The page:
#2. Posting About Your Injuries
While it may be uplifting for your friends and family to see you rehabbing with a big smile, avoid any pictures or posts relating to your injuries. The exact extent of your injuries and its impact on your life is a matter best kept between your attorney and your doctors during the duration of your case. Your attorney will be fighting them tooth and nail for every penny and they are digging for reasons to low-ball your settlement offer. Don’t give them any ammunition in that fight.
#3. Assuming Your Family and Friends Understand the Situation
Investigators will routinely try and get more information via your friends and family’s accounts. Take a few moments and let them know that they need to exclude you from any posts they make while you are engaged in a personal injury case. This includes pictures as well as references. Let them know the opposition may try and ‘friend-up’ those close to you to gain access to more information on you.
#4. Showing Off Physical Activities
This falls under the classic type of evidence insurance companies use to reduce claims. A single snapshot taken out of context can be quite misleading. Defense teams routinely turn evidence of this nature into fodder to cast doubt on the severity of your physical injuries. Avoid pictures of you doing any type of physical activities is the best policy. A picture is a worth a thousand words and could potentially cost you thousands of dollars.
#5. Posting Travel Pictures, Itineraries, or Check-ins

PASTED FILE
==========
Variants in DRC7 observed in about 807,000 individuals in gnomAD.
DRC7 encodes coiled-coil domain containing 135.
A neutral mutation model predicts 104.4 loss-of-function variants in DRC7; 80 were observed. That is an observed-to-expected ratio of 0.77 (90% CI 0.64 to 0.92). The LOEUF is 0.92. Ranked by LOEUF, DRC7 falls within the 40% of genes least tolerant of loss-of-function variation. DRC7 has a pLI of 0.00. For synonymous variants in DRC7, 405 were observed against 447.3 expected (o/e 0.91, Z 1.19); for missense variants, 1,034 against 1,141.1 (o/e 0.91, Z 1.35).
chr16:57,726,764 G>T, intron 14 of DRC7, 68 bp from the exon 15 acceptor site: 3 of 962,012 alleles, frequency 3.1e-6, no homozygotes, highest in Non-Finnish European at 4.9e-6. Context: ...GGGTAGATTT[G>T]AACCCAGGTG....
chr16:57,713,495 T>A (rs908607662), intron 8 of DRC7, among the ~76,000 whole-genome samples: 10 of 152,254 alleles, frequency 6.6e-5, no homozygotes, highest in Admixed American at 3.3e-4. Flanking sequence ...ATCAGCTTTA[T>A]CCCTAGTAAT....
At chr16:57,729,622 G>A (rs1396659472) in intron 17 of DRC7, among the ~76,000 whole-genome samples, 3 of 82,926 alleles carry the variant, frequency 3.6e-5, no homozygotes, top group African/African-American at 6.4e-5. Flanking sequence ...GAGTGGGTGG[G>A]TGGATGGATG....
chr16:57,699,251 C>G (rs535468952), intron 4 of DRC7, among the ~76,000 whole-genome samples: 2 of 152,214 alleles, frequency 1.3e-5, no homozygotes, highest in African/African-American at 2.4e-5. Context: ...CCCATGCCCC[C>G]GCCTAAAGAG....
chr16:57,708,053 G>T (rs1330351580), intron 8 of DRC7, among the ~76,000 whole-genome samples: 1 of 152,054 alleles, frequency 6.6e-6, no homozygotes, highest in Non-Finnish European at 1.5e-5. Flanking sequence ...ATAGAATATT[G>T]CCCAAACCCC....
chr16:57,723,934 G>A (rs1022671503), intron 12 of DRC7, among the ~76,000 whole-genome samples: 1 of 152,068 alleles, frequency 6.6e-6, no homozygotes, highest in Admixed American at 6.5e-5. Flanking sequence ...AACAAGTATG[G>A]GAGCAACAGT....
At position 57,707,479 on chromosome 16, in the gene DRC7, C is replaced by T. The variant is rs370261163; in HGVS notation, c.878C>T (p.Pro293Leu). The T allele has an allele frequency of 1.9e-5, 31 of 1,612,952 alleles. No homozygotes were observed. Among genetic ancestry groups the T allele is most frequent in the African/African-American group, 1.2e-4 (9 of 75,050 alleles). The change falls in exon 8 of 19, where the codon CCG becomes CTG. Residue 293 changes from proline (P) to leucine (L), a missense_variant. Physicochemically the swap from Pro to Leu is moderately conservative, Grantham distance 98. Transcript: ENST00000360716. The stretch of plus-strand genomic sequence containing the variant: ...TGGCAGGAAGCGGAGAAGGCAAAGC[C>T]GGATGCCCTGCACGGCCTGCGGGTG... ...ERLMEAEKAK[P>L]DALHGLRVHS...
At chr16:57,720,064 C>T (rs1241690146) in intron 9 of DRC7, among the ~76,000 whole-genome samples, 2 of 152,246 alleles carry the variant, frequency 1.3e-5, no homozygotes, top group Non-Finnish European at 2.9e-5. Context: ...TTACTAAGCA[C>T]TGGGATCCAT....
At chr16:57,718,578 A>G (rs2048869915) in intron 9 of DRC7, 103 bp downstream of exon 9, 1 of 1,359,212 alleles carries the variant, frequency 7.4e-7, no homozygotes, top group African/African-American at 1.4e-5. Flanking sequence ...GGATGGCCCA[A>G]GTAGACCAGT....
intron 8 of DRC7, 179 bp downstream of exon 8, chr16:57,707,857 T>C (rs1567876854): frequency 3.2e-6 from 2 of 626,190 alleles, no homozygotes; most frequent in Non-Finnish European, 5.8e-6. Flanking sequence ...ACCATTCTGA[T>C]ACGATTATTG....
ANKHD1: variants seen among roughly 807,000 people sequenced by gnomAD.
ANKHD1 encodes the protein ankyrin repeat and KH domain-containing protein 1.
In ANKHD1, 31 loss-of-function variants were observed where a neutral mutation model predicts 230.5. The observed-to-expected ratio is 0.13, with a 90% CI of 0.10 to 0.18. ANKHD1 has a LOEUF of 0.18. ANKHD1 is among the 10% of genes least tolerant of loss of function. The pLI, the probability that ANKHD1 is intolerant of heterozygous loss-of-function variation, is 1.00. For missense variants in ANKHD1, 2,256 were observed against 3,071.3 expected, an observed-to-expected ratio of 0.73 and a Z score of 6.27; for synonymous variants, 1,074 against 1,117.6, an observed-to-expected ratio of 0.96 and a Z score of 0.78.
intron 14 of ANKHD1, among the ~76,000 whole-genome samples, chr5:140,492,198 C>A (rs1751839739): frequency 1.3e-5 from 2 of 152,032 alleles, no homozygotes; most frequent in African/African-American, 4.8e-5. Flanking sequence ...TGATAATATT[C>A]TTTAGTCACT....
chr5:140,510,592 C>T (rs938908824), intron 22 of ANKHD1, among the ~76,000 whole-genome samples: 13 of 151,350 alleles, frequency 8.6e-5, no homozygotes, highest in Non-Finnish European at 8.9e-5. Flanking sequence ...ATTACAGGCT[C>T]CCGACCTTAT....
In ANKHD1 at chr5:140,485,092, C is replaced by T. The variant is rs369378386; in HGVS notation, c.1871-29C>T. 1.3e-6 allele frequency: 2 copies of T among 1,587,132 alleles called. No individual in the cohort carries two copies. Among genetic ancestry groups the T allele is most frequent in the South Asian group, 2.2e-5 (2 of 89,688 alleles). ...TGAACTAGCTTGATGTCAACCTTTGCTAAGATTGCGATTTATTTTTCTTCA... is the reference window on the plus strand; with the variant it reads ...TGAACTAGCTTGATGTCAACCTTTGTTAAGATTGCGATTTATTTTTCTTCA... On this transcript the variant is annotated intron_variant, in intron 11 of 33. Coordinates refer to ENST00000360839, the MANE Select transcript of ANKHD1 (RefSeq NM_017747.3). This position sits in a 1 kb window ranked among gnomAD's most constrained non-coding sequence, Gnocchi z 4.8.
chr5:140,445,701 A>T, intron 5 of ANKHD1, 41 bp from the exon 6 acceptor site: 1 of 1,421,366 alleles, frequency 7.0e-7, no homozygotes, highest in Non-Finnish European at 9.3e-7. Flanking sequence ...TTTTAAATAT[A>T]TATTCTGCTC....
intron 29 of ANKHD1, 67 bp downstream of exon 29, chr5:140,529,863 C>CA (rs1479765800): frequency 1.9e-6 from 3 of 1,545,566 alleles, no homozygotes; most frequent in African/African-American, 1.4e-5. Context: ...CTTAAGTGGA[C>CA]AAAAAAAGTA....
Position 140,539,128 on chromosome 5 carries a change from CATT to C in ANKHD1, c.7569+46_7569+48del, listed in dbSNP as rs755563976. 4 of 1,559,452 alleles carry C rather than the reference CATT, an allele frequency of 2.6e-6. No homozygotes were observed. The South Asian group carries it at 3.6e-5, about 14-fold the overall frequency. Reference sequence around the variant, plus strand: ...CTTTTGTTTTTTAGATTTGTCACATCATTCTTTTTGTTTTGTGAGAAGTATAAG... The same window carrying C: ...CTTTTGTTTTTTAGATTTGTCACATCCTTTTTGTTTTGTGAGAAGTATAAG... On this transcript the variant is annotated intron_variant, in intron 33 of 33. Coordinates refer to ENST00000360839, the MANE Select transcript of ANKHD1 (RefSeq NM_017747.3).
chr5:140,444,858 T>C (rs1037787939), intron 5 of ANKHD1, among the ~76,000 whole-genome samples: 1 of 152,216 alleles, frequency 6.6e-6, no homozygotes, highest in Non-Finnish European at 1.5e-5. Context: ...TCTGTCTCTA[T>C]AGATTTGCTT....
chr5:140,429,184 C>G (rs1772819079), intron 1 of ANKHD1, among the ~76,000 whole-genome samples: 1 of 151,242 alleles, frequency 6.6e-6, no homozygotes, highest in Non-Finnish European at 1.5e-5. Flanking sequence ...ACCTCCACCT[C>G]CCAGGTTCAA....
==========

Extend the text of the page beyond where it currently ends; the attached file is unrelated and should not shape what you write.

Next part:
Traveling is a wonderful way to rejuvenate and recharge, even if you are still on the mend. Defense teams will try to use evidence of you on holiday to say your injuries are not as severe as you claim. You don’t even have to be in the picture either. A picture of your spouse or family members may lead the defense team to ask who took the photo and where.
#6. Making References to your Legal Case
It might be tempting to make some posts weaving your legal case into a Grisham like tale for your throng of followers. However, there is a reason you often hear the phrase “I can’t comment on an ongoing legal matter.” It’s just smart. While mundane comments about a pending legal matter might seem innocuous to you, it is impossible to tell how a defense team will try to use any statements. Remember, you can only hurt your case by making comments or posts about it.
#7. Accepting Friend Requests from Strangers
Nothing makes it easier for them to research you than if you grant a friend request. Most people enjoy growing their friend list and there is nothing wrong with that. During your case though it is important to review requests carefully and only grant those that you have a personal connection with.